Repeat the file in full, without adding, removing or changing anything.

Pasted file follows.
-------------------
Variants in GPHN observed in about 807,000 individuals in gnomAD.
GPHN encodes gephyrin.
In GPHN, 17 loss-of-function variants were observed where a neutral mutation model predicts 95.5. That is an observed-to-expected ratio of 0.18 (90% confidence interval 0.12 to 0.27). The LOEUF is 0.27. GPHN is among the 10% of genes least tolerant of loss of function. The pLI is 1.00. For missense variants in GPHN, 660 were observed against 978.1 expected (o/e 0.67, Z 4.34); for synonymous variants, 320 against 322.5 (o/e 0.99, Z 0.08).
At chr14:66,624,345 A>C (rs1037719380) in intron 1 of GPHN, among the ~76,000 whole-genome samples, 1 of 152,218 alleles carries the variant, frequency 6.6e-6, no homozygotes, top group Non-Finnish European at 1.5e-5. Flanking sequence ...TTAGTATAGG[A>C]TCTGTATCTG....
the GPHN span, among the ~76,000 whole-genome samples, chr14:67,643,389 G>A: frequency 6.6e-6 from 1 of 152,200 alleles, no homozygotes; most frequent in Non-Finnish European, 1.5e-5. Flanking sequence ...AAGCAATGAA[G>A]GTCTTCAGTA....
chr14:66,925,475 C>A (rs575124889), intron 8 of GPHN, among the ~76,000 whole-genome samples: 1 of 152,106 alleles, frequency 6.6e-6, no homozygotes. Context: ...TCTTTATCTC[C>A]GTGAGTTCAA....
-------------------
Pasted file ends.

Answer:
Variants in GPHN observed in about 807,000 individuals in gnomAD.
GPHN encodes gephyrin.
In GPHN, 17 loss-of-function variants were observed where a neutral mutation model predicts 95.5. That is an observed-to-expected ratio of 0.18 (90% confidence interval 0.12 to 0.27). The LOEUF is 0.27. GPHN is among the 10% of genes least tolerant of loss of function. The pLI is 1.00. For missense variants in GPHN, 660 were observed against 978.1 expected (o/e 0.67, Z 4.34); for synonymous variants, 320 against 322.5 (o/e 0.99, Z 0.08).
At chr14:66,624,345 A>C (rs1037719380) in intron 1 of GPHN, among the ~76,000 whole-genome samples, 1 of 152,218 alleles carries the variant, frequency 6.6e-6, no homozygotes, top group Non-Finnish European at 1.5e-5. Flanking sequence ...TTAGTATAGG[A>C]TCTGTATCTG....
the GPHN span, among the ~76,000 whole-genome samples, chr14:67,643,389 G>A: frequency 6.6e-6 from 1 of 152,200 alleles, no homozygotes; most frequent in Non-Finnish European, 1.5e-5. Flanking sequence ...AAGCAATGAA[G>A]GTCTTCAGTA....
chr14:66,925,475 C>A (rs575124889), intron 8 of GPHN, among the ~76,000 whole-genome samples: 1 of 152,106 alleles, frequency 6.6e-6, no homozygotes. Context: ...TCTTTATCTC[C>A]GTGAGTTCAA....